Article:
The document Software Development Basics gives you an overview of the whole software development process including subjects like Software Engineering and Software Project Management in order to get the whole picture.
Software development signifies the whole process to find a solution for a given problem in using appropriate methods and tools to create a software product. Software development encompasses the phases of the Software Design Life Cycle (SDLC) including the use of Software Development Models.
Software development does not necessarily subsume the engineering paradigm !
Software Engineering is an engineering branch associated with development of software products; using well-defined scientific principles and methods. The outcome of Software Engineering is an efficient and reliable software product.
Software Engineering cares also about all the phases of Software Design Life Cycle (SDLC) from requirement gathering and analysis to maintenance. It cares also about the Software Development Models.
The generally accepted concepts of Software Engineering as an engineering discipline have been specified in the Guide to the Software Engineering Body of Knowledge (SWEBOK). The SWEBOK has become an internationally accepted standard ISO/IEC TR 19759:2005.
Software Project Management
Software Project Management is the art and science of planning and leading software projects.
It encompasses among other elements all the phases of Software Design Life Cycle (SDLC) from requirement gathering and analysis to maintenance. It includes also the Software Development Models.
If you have to develop a large and complex software project, it is recommended to apply methods and use the tools for Software Project Management in order to have a controlled and guided software development process.
The tasks are carried out according to the used methodologies and in a specified period of time to achieve the intended software product.
– Active Collab
– Endeavour Software Project Management
– Oracle Primavera EPPM
Software Development Models
The basic purpose of the Software Development Models is to provide a smooth software development process, according to the project requirements.
These models are frameworks, which are used to structure, plan and control the process of developing a software product. The Software Development Models are only concerned with the software development process, so it does not involve any technical aspect of developing the software product itself.
All Software Development Models follow the SDLC phases (see next chapter), but the method of execution varies vastly between models.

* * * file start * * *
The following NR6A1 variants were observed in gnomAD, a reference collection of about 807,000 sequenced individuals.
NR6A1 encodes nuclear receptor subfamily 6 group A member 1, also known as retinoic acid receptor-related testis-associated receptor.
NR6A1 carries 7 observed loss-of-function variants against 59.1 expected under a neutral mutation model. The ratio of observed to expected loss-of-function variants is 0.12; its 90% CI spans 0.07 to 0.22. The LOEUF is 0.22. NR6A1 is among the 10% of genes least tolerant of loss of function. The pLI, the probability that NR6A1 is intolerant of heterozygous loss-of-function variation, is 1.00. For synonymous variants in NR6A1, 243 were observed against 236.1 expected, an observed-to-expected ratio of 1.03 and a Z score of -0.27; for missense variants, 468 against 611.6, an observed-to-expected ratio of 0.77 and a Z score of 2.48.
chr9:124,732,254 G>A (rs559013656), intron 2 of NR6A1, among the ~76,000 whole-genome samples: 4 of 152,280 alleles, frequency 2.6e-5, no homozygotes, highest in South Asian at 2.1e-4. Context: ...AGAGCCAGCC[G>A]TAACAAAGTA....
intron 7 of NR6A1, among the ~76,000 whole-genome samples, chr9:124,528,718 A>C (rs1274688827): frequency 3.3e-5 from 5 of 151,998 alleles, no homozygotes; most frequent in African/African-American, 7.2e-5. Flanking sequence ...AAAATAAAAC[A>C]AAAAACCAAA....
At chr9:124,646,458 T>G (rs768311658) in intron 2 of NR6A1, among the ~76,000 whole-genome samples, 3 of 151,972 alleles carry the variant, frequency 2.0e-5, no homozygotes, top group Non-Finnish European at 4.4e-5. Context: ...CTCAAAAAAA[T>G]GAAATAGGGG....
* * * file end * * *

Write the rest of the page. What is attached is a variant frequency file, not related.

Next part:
The Software Design Life Cycle
The The Software Design Life Cycle (SDLC) contains the phases in the life cycle of a software product. The SDLC phases are the “core” of software development. Usually you will apply the appropriate Software Development Model to the SDLC in order to have a smooth development of your software product.
1. Requirement Gathering and Analysis – WHAT
This phase is the main focus of the project managers and stake holders. It is critical to the success of the project. Expectations (whether of the client or your team) need to be fleshed out in great detail and documented. This is an iterative process with much communication taking place between stakeholders, end users and the project team.
The choice of the appropriate Software Development Model like : Waterfall, Incremental, Agile, Spiral, etc is made in this phase.
2. Design – HOW
Technical design requirements are prepared in this phase by lead development staff that can include architects and lead developers. Technical details like database tables, transactions, security processes as well as hardware and system requirements are defined here.
We distinguish basically the following design levels :
– Architectural Design
– High Level Design
– Low Level Design
– Data structures
The choice of the programming paradigms and the programming language are made here.
3. Implementation (coding)
This phase is the actual coding by the development team. After each stage, the developer may demonstrate the work accomplished to the business analysts. Tweaks and enhancements may be required. This is normally the longest phase of the SDLC. The finished product is the input to the testing phase. Following the coding conventions helps to make code better understandable and easier to maintain.
4. Testing (and debugging)